Seriously. Try this bread. It’s worth every hour of waiting. I promise.

~ Julia

Multi-Grain Sandwich Bread

  • Servings: 2 loaves
  • Difficulty: easy with a dash of patience
  • Print

Ingredients

Soaker (You can come up with your own combination of seeds. The more seeds, the more water you’ll need).

1/4 cup ground flax seeds
1/4 cup sunflower seeds, raw, hulled
1/4 cup sesame seeds, raw
1/4 cup pumpkin seeds, raw, hulled
1/4 cup whole chia seeds
1/4 cup hemp hearts
1/2 cup large flake oats
1 1/2 cups water

Biga 

2 1/2 cups all-purpose flour
1 cup warm water (NOT hot)
1 tsp salt
pinch of active dry yeast

Dough

Soaker (see above)
3 1/2 cups whole wheat flour
1 cup all-purpose flour
1 cup warm water (NOT hot)
1 tbsp salt
1 1/2 tsp active dry yeast
2 tbsp honey
Biga (see above)
olive oil (around 3 tbsp)

Directions

The night beforein a medium bowl, mix together all the ingredients for the Soaker. Cover bowl and let rest at room temperature for 12 to 16 hours. In another medium bowl, mix together all the ingredients for the Biga. Cover bowl and let rest at room temperature for 12 to 16 hours.

The next day, add the Soaker, flours, warm water, salt, yeast into the bowl of a mixer with a dough hook attachment (if you don’t have one, you can totally do this by hand). Set aside.

Measure a tablespoon of olive oil in your tablespoon measure and pour into a large bowl. Grease the bowl with the oil. Set aside.

Take the oily tablespoon and measure your honey into the mixing bowl – it will just slide out (magic!). Using the dough hook attachment, mix until combined and the dough is pulling away from the sides. Add the Biga and mix again with the dough hook until the seedy dough and the Biga are combined. Dump the dough from the mixer bowl into your greased bowl, turning the dough until it is coated in oil. Cover and let sit at room temperature for at least an hour (or until it has doubled in size).

Turn the dough out onto a lightly floured surface and fold it in half several times, until the dough is smooth and elasticky (not sticky). Place the dough back into the oiled bowl, cover, and let sit at room temperature for at least an hour (or until it has doubled in size).

Lightly oil 2- 9×5-inch loaf pans with olive oil. Turn the dough out onto a lightly floured surface. Separate the dough into 2 equal pieces. Taking the first piece, shape the dough into a 9×9-inch square. Fold the dough like a letter (into thirds), and tuck the ends under the dough. Place the dough, seam-side down, in the prepared loaf pan. Repeat with the second piece. Cover and let sit for at least an hour (or until the loaves have doubled in size), while preheating your oven to 425˚F. Uncover loaves and put in oven, side-by-side, baking for 40 to 45 minutes, or until the loaves sound hollow when you tap them on top. Let sit for 5 minutes in the loaf pans after pulling them out of the oven, then tip them onto baking racks to finish cooling. Feel free to ignore this last piece of advice and cut a loaf while still warm. Serve with butter or jam or eat a hunk naked. Bread will last for up to a week (cover to prevent drying out). ENJOY.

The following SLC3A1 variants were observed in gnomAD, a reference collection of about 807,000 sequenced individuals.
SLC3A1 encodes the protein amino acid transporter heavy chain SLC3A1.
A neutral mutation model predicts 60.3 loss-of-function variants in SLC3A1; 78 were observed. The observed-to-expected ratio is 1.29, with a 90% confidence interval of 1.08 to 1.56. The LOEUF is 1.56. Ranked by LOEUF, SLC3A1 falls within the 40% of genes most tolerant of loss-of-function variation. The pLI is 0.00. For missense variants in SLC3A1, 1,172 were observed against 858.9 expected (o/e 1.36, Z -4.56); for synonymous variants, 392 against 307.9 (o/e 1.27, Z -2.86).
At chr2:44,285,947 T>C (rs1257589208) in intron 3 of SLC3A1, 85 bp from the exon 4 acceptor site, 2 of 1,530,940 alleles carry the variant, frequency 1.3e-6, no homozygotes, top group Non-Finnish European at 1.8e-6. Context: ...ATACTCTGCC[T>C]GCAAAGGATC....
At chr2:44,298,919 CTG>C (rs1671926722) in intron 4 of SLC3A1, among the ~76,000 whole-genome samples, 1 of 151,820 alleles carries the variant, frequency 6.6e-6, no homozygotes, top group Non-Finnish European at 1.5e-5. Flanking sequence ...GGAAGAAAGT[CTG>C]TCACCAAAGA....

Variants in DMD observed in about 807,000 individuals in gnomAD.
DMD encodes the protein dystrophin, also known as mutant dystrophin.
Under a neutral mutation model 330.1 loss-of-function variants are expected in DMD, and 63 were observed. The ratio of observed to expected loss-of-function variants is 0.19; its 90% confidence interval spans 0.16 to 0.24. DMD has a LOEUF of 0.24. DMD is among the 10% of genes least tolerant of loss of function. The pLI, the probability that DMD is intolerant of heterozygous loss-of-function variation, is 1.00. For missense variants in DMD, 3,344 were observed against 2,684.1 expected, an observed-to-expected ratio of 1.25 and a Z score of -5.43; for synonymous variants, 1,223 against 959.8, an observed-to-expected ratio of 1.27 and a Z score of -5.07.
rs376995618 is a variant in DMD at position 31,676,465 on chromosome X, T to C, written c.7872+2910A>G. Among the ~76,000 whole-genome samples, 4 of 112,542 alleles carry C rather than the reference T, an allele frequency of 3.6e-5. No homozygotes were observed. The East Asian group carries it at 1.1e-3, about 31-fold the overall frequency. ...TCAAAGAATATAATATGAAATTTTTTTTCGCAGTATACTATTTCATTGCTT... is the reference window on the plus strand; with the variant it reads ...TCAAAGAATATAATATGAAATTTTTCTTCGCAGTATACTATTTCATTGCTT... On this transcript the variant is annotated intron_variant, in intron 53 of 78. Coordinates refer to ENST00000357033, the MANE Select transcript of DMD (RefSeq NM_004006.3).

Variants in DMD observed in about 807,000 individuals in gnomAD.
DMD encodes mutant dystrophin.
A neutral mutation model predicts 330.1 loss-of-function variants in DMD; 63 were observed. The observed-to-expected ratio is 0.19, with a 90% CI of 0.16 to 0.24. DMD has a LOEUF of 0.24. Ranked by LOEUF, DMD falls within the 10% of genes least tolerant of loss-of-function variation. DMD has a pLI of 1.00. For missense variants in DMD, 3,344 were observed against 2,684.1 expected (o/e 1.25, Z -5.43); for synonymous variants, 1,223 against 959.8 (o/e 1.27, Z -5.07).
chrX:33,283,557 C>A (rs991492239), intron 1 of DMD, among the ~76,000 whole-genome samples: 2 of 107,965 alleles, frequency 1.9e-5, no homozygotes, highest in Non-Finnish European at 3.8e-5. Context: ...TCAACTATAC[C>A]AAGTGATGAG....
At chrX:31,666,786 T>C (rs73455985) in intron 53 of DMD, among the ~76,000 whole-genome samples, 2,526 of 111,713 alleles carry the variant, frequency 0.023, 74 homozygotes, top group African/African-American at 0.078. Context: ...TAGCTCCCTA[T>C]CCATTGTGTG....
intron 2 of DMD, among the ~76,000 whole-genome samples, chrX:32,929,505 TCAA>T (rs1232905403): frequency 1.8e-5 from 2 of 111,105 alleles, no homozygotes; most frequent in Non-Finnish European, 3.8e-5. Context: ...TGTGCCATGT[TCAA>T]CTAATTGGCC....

Adapted from Multi-Grain Sandwich Bread recipe on Spiced Blog

Breaking tradition…well, sorta

My family has always said that I ask too many questions, some of which may be comical or the answer may not be what I want to hear, but still I continue to ask them. How else will I learn? Or have pointless knowledge of everything under the sun!?

Have you ever asked where some traditions come from, like for instance why do you blow out candles on your birthday? Or why does every Portuguese household almost always have a rooster in it? Well, I sit here searching through endless pictures of bouquets, hair styles, veils, decor, budget-friendly-anything-at-all to get ideas for the upcoming nuptials, and I find myself asking, why? Why and where did so many of wedding traditions come from?

Why does the bride hold flowers? There are two thoughts on this tradition. The first, according to some, is that brides held flowers in order to cover up their odor (clearly this was B.D. (Before Deodorant)). Every bride wants to look their best on the day, so why not add a little pizzazz with lilac or rose scent? Nothing says “Marry me!” like a freshly flowered bride! The other thought states that brides would hold flowers or bouquets which were made with garlic or other extreme-scented herbs to ward off evil spirits and bad omens. Again, starting off on the right foot with this marriage – smelling good and bad-omen-free. For our nuptials, my decision to hold flowers was neither of these – it should be known that I will shower on the morning of the wedding and that there won’t be garlic or thyme in my bouquet. I will, however, be holding a bouquet on the day because they are beautiful and because that is what you are supposed to do. My sister did it, my mother did it, my grandmother did it and I am going to follow THAT tradition.

Everyone knows that the bride and groom are not supposed to see each other before the ceremony, but why? I’ll let you in on a little secret…I tried to convince Cody to see each other the day of the wedding. That we could sleep in our bed together the night before and then go our separate ways the morning of our nuptials after having a yummy breakfast together. You would have thought I was suggesting to sell our firstborn. The origins of this now tradition came from superstitions when arranged marriages were more common than meet-cute ones. The families of the betrothed were worried that seeing one another before their binding of ties would cause them to make a break for it! For our day, our avoidance is based on surprise. I want to see Cody’s face when he sees me all dressed in white for our day. The groom’s look of love always makes the best pictures.

In all of the planning, I have not yet decided on the old saying of “Something old, something new, something borrowed and something blue.” Not many know why these requirements are in place, but this is a tradition I can get behind. Something old is for the connection and ties to remain with the families of the bride and groom once the couple are married. Something new is for the new union being created and something borrowed is from the bride’s family to show their love for her, and to show they are walking with her as she marries her prince.

We are coming near the four-month mark ’til the big day (122 days to be exact (according to all of the wedding apps, gadgets and gizmos I have)). There are so many things to do and events coming up that my head is swimming with questions, answers and dates I can’t keep straight. I have to-do lists coming out of my wazoo to try and stay organized and on top of everything, with everything swirling around me, I can’t help but think onto this time next year and what that will look like.

This is, after all, just the beginning.

Party on!

Party on!

~ Jacqui